Retired Metro Officer Promoting Tax on Violence - 8 News NOW

Retired Metro Officer Promoting Tax on Violence

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Retired Metro Police Lt. Ted Snodgrass Retired Metro Police Lt. Ted Snodgrass

LAS VEGAS -- Retired Metro Police Lt. Ted Snodgrass said he has seen a lot of violent situations in his career.

As new information surfaces about the events that lead up to the Connecticut school shooting last week, many are voicing their opinions on what should be done to prevent such horrible tragedies.

Snodgrass suggested that both federal and local government take a closer look at how violent video games, movies and ammunition are sold.

Snodgrass served the Las Vegas community as a member of the Metro Police force for more than two decades.

Now retired, Snodgrass said that watching the coverage of the shooting at Sandy Hook Elementary School on Friday horrified him.

"Overwhelming feeling of sorrow," he said.

Throughout his years in law enforcement, Snodgrass said he quickly discovered the public's fascination with violence.

He said many times people's interest in aggressive entertainment spills into real life.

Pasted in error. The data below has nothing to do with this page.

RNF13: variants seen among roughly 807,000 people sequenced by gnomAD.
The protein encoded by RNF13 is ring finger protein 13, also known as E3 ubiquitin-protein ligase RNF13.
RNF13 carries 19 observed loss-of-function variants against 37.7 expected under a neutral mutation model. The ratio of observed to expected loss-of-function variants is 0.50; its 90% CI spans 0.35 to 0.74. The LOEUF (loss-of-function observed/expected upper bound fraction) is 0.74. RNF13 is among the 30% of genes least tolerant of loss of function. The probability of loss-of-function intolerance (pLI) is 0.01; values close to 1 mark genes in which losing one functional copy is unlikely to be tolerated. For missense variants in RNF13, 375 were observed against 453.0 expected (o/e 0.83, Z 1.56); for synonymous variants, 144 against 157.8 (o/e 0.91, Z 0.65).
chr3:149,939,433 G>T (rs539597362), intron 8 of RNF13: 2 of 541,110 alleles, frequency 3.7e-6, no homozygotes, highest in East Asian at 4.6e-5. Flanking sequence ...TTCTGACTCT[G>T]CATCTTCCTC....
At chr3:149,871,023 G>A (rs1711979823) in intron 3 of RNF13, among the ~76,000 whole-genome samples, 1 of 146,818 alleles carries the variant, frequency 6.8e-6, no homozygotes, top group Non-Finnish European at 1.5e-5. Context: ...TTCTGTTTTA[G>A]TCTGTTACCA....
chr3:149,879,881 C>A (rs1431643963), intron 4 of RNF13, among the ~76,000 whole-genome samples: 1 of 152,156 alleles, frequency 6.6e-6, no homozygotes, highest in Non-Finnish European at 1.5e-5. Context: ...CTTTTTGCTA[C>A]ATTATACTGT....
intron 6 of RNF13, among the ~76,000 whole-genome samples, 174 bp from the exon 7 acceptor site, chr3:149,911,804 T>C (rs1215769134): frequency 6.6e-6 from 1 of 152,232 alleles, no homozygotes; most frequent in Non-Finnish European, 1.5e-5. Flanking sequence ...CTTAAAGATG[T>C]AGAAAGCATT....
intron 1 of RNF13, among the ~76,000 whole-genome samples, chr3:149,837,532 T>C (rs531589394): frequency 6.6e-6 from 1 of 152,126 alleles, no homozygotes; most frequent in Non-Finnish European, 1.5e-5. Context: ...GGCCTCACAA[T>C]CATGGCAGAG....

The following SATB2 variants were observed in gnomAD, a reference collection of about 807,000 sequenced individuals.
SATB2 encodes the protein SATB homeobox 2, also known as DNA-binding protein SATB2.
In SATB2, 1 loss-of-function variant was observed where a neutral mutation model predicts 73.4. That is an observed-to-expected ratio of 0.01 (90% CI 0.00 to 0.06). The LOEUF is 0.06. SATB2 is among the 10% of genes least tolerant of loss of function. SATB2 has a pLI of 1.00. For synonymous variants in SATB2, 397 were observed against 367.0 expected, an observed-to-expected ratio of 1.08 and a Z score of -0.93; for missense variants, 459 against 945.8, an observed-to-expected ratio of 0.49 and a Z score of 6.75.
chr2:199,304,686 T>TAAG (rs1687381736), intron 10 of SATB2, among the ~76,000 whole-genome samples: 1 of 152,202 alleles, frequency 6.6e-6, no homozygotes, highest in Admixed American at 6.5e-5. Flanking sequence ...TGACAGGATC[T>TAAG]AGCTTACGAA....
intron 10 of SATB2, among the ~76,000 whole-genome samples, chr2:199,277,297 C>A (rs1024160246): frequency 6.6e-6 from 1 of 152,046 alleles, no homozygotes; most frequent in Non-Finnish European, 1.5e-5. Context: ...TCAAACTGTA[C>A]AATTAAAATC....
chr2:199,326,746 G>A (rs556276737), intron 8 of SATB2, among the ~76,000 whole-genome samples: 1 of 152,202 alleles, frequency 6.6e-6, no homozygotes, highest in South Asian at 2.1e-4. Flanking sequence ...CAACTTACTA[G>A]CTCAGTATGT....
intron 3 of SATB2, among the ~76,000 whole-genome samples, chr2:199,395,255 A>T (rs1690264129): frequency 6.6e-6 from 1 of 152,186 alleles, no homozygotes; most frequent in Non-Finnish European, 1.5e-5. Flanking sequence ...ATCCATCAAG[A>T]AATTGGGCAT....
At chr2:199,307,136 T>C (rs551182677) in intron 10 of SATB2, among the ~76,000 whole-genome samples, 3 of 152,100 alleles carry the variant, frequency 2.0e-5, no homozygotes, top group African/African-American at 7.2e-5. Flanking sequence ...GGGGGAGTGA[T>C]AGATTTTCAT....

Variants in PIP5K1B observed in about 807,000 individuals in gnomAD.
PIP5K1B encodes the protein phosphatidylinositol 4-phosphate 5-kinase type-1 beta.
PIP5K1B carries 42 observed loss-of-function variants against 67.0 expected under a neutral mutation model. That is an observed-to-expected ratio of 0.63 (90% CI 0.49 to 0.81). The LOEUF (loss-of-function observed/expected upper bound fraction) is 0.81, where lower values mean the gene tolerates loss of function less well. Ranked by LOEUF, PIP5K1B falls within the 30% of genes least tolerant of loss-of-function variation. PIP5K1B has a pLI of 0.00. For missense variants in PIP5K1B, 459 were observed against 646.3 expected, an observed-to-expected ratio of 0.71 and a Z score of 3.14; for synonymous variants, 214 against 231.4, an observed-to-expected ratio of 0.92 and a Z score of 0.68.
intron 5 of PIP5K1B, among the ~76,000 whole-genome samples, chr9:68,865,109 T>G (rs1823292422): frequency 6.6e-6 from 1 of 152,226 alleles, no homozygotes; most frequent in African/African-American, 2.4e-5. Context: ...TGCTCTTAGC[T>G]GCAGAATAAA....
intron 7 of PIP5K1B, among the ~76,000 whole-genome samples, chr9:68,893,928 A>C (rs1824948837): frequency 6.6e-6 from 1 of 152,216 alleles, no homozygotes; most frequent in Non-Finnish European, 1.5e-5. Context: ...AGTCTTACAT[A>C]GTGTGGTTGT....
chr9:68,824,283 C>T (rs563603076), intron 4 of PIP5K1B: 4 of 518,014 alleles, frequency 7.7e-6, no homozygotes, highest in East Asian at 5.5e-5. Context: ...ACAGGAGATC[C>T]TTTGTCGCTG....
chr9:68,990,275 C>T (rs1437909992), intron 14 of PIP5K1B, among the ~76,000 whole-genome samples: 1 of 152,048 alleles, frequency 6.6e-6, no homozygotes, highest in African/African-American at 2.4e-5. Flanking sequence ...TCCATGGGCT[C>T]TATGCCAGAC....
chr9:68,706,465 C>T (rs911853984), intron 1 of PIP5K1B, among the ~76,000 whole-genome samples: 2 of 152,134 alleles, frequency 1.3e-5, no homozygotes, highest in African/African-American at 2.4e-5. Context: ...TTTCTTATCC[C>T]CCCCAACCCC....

"Until you have been in law enforcement, you can't really understand how violent this country really is," he said.

This isn't the first time the nation's attention has been turned to the nature of some violent entertainment.

After other mass shootings, including the 1999 Columbine High School shooting in Littleton, Colo., and the Aurora, Colo., movie theater shooting earlier this year, governments and families took a closer look at violent video games, movies and music.

Snodgrass said if people understood the real feeling behind horrific crimes, things might begin to change.

"If you could be there at some of the scenes that I've been at, just the smells and the feeling of dread that are in those places, you wouldn't find it as entertaining," Snodgrass said.

His solution to slowing down the mass consumption of violent entertainment is to tax it.

"The thing is, if we have this appetite for violence, then we need to make people pay for it," he said.

Similar to a rating system, Snodgrass said he believes entertainment that is violent -- and even weapon ammunition -- should be subject to a tax that is then given to fund mental health facilities.

"We need to be able to identify some of the perpetrators and find them and try to give them help before this happens," he said. "It doesn't do any good to try and help them after words and typically they commit suicide anyways."

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